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Hanover College president announces retirement

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The president of southern Indiana's Hanover College is stepping down next year.

The college says President Sue DeWine has informed the school's trustees that she plans to retire in June 2015.

DeWine became the 15th president in school history in 2007.

A fundraising campaign started during her tenure raised more than $26 million to pay for a new outdoor athletic complex, residence hall and student center. The Presbyterian-affiliated liberal arts school says DeWine has overseen a total enrollment increase of 20 percent, to about 1,200 students.

DeWine said the timing is right to retire with the capital campaign ending this fall and to bring in new leadership to implement ideas that are in development.

Hanover was founded in 1827 as the state's first private college. The only college in the state that is older is Indiana University, founded in 1820.

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  1. John, unfortunately CTRWD wants to put the tank(s) right next to a nature preserve and at the southern entrance to Carmel off of Keystone. Not exactly the kind of message you want to send to residents and visitors (come see our tanks as you enter our city and we build stuff in nature preserves...

  2. 85 feet for an ambitious project? I could shoot ej*culate farther than that.

  3. I tried, can't take it anymore. Untill Katz is replaced I can't listen anymore.

  4. Perhaps, but they've had a very active program to reduce rainwater/sump pump inflows for a number of years. But you are correct that controlling these peak flows will require spending more money - surge tanks, lines or removing storm water inflow at the source.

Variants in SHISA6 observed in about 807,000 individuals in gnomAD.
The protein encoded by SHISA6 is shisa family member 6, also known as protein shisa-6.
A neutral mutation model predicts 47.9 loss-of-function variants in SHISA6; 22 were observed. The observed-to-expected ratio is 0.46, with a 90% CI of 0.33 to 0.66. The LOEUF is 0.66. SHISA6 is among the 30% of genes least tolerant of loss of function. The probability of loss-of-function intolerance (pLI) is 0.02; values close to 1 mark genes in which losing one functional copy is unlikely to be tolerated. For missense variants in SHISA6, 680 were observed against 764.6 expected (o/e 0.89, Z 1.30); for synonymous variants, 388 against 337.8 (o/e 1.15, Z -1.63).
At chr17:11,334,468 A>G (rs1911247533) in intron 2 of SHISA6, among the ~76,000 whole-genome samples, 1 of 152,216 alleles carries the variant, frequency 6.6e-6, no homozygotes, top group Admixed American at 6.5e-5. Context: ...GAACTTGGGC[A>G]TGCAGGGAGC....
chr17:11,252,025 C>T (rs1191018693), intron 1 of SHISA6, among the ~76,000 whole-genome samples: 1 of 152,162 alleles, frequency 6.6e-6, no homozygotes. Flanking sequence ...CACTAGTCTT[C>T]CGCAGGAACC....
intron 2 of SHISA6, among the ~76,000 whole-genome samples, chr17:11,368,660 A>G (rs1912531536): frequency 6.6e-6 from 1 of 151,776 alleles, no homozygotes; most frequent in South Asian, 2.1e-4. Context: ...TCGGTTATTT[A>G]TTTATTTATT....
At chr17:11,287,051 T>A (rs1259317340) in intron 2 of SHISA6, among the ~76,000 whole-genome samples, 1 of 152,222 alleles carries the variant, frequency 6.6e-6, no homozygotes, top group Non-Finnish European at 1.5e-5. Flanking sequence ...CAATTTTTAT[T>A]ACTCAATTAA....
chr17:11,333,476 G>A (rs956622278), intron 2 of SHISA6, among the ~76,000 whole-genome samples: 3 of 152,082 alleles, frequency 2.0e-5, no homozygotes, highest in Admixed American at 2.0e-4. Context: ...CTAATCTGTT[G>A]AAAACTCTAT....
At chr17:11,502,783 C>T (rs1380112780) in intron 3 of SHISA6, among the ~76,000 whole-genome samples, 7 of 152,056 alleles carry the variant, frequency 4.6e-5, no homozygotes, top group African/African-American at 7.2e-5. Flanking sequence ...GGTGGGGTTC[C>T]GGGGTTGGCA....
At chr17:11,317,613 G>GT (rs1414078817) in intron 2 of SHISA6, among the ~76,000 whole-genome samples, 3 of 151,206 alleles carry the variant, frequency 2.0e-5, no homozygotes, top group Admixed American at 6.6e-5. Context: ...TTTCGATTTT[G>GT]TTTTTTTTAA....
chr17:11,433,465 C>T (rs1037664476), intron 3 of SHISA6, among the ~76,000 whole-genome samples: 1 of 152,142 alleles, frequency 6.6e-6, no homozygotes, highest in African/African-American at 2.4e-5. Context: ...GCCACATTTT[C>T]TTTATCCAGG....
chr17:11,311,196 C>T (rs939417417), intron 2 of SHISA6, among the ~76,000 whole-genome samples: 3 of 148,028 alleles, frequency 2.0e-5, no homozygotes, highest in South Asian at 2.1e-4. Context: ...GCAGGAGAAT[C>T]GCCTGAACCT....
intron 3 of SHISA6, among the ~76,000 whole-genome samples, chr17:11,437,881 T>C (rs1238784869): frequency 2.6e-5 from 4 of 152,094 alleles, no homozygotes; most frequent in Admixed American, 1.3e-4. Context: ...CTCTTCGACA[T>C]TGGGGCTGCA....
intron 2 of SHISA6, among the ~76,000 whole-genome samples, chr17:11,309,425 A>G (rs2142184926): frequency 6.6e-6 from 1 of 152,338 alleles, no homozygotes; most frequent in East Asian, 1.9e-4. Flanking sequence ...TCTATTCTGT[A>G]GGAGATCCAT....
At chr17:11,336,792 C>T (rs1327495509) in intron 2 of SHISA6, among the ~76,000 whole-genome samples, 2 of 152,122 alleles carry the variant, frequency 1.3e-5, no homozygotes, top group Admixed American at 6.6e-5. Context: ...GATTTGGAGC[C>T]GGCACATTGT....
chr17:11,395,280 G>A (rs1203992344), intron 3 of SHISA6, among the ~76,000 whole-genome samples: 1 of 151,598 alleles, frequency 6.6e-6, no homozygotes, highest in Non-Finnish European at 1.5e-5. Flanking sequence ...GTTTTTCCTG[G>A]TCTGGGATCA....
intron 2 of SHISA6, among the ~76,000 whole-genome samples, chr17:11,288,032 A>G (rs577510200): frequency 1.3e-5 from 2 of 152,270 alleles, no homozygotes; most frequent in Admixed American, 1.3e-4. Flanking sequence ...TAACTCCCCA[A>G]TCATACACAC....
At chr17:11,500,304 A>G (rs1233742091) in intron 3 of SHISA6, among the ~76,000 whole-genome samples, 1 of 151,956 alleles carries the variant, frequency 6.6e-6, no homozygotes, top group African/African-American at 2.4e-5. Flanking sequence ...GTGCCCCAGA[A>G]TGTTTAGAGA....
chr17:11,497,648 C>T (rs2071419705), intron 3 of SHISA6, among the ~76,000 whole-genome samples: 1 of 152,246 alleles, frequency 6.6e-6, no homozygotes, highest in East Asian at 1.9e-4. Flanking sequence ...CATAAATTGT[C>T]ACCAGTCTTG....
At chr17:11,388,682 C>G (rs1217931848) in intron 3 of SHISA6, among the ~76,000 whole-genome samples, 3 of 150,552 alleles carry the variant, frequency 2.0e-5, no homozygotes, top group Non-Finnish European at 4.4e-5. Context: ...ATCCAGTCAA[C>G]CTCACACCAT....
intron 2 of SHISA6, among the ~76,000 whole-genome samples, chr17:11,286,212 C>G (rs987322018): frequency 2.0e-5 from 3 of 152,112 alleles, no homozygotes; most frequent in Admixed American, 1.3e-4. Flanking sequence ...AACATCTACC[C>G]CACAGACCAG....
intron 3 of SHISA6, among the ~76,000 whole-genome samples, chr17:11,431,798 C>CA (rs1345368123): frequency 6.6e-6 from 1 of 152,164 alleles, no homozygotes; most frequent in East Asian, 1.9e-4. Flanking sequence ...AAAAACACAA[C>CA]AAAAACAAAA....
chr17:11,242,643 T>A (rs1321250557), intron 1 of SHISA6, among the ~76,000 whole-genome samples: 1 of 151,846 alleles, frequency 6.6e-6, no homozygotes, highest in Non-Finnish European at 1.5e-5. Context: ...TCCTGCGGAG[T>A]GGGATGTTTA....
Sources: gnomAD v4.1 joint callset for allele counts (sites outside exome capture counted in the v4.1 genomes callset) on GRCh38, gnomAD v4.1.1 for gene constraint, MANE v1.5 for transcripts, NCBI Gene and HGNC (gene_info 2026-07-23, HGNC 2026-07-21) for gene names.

5. All sewage goes to the Carmel treatment plant on the White River at 96th St. Rainfall should not affect sewage flows, but somehow it does - and the increased rate is more than the plant can handle a few times each year. One big source is typically homeowners who have their sump pumps connect into the sanitary sewer line rather than to the storm sewer line or yard. So we (Carmel and Clay Twp) need someway to hold the excess flow for a few days until the plant can process this material. Carmel wants the surge tank located at the treatment plant but than means an expensive underground line has to be installed through residential areas while CTRWD wants the surge tank located further 'upstream' from the treatment plant which costs less. Either solution works from an environmental control perspective. The less expensive solution means some people would likely have an unsightly tank near them. Carmel wants the more expensive solution - surprise!

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